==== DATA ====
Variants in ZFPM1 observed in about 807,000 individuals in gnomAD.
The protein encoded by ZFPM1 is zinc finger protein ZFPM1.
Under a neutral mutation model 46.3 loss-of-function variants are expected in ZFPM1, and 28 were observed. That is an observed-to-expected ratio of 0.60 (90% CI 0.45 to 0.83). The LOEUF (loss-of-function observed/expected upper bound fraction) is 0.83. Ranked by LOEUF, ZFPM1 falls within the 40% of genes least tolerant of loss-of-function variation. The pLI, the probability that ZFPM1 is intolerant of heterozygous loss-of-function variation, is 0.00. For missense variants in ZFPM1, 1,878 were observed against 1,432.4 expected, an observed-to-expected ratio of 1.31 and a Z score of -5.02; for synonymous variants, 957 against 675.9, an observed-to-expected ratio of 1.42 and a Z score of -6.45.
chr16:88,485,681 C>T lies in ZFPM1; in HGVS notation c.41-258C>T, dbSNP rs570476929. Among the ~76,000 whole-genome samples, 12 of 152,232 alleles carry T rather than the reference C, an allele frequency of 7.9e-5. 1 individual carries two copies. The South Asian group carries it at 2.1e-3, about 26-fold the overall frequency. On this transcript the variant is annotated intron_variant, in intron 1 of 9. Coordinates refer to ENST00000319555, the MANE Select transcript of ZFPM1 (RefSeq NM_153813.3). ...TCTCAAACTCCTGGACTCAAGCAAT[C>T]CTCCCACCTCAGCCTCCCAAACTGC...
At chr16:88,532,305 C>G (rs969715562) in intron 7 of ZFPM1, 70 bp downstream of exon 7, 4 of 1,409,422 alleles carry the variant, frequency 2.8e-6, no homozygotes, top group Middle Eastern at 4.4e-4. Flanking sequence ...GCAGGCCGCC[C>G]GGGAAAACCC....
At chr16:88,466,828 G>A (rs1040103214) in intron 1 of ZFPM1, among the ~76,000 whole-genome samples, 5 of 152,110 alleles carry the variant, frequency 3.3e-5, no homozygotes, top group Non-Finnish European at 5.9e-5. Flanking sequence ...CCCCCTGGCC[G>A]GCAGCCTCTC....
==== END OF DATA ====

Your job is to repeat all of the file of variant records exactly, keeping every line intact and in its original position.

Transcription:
Variants in ZFPM1 observed in about 807,000 individuals in gnomAD.
The protein encoded by ZFPM1 is zinc finger protein ZFPM1.
Under a neutral mutation model 46.3 loss-of-function variants are expected in ZFPM1, and 28 were observed. That is an observed-to-expected ratio of 0.60 (90% CI 0.45 to 0.83). The LOEUF (loss-of-function observed/expected upper bound fraction) is 0.83. Ranked by LOEUF, ZFPM1 falls within the 40% of genes least tolerant of loss-of-function variation. The pLI, the probability that ZFPM1 is intolerant of heterozygous loss-of-function variation, is 0.00. For missense variants in ZFPM1, 1,878 were observed against 1,432.4 expected, an observed-to-expected ratio of 1.31 and a Z score of -5.02; for synonymous variants, 957 against 675.9, an observed-to-expected ratio of 1.42 and a Z score of -6.45.
chr16:88,485,681 C>T lies in ZFPM1; in HGVS notation c.41-258C>T, dbSNP rs570476929. Among the ~76,000 whole-genome samples, 12 of 152,232 alleles carry T rather than the reference C, an allele frequency of 7.9e-5. 1 individual carries two copies. The South Asian group carries it at 2.1e-3, about 26-fold the overall frequency. On this transcript the variant is annotated intron_variant, in intron 1 of 9. Coordinates refer to ENST00000319555, the MANE Select transcript of ZFPM1 (RefSeq NM_153813.3). ...TCTCAAACTCCTGGACTCAAGCAAT[C>T]CTCCCACCTCAGCCTCCCAAACTGC...
At chr16:88,532,305 C>G (rs969715562) in intron 7 of ZFPM1, 70 bp downstream of exon 7, 4 of 1,409,422 alleles carry the variant, frequency 2.8e-6, no homozygotes, top group Middle Eastern at 4.4e-4. Flanking sequence ...GCAGGCCGCC[C>G]GGGAAAACCC....
At chr16:88,466,828 G>A (rs1040103214) in intron 1 of ZFPM1, among the ~76,000 whole-genome samples, 5 of 152,110 alleles carry the variant, frequency 3.3e-5, no homozygotes, top group Non-Finnish European at 5.9e-5. Flanking sequence ...CCCCCTGGCC[G>A]GCAGCCTCTC....